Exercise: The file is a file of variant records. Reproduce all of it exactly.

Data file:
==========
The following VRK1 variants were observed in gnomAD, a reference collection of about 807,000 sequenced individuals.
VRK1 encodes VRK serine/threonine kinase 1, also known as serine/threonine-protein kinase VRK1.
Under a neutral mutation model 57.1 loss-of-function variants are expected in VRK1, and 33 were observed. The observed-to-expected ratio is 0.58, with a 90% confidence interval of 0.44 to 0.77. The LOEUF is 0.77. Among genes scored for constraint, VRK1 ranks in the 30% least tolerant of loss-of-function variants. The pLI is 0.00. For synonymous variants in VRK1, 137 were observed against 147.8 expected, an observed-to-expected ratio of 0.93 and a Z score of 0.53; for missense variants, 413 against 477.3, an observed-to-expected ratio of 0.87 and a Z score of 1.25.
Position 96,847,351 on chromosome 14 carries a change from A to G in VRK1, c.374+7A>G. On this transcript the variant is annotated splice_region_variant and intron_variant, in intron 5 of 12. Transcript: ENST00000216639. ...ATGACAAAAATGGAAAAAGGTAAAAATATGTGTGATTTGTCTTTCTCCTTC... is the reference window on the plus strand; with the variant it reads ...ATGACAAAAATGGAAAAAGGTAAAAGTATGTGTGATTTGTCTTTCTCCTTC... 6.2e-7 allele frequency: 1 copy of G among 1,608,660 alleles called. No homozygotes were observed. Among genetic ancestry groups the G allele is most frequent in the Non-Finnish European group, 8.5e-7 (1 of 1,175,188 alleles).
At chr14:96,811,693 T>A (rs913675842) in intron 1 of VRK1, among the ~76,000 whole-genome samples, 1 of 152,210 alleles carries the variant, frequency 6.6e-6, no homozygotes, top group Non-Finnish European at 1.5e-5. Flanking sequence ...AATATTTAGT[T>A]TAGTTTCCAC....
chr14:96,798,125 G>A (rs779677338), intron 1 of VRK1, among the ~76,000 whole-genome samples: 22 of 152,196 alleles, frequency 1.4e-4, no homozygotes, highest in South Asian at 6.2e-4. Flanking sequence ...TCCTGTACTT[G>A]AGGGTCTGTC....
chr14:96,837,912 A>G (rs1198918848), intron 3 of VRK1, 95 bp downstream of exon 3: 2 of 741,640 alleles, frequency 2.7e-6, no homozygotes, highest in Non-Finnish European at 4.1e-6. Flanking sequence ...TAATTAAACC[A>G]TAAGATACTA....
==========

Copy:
The following VRK1 variants were observed in gnomAD, a reference collection of about 807,000 sequenced individuals.
VRK1 encodes VRK serine/threonine kinase 1, also known as serine/threonine-protein kinase VRK1.
Under a neutral mutation model 57.1 loss-of-function variants are expected in VRK1, and 33 were observed. The observed-to-expected ratio is 0.58, with a 90% confidence interval of 0.44 to 0.77. The LOEUF is 0.77. Among genes scored for constraint, VRK1 ranks in the 30% least tolerant of loss-of-function variants. The pLI is 0.00. For synonymous variants in VRK1, 137 were observed against 147.8 expected, an observed-to-expected ratio of 0.93 and a Z score of 0.53; for missense variants, 413 against 477.3, an observed-to-expected ratio of 0.87 and a Z score of 1.25.
Position 96,847,351 on chromosome 14 carries a change from A to G in VRK1, c.374+7A>G. On this transcript the variant is annotated splice_region_variant and intron_variant, in intron 5 of 12. Transcript: ENST00000216639. ...ATGACAAAAATGGAAAAAGGTAAAAATATGTGTGATTTGTCTTTCTCCTTC... is the reference window on the plus strand; with the variant it reads ...ATGACAAAAATGGAAAAAGGTAAAAGTATGTGTGATTTGTCTTTCTCCTTC... 6.2e-7 allele frequency: 1 copy of G among 1,608,660 alleles called. No homozygotes were observed. Among genetic ancestry groups the G allele is most frequent in the Non-Finnish European group, 8.5e-7 (1 of 1,175,188 alleles).
At chr14:96,811,693 T>A (rs913675842) in intron 1 of VRK1, among the ~76,000 whole-genome samples, 1 of 152,210 alleles carries the variant, frequency 6.6e-6, no homozygotes, top group Non-Finnish European at 1.5e-5. Flanking sequence ...AATATTTAGT[T>A]TAGTTTCCAC....
chr14:96,798,125 G>A (rs779677338), intron 1 of VRK1, among the ~76,000 whole-genome samples: 22 of 152,196 alleles, frequency 1.4e-4, no homozygotes, highest in South Asian at 6.2e-4. Flanking sequence ...TCCTGTACTT[G>A]AGGGTCTGTC....
chr14:96,837,912 A>G (rs1198918848), intron 3 of VRK1, 95 bp downstream of exon 3: 2 of 741,640 alleles, frequency 2.7e-6, no homozygotes, highest in Non-Finnish European at 4.1e-6. Flanking sequence ...TAATTAAACC[A>G]TAAGATACTA....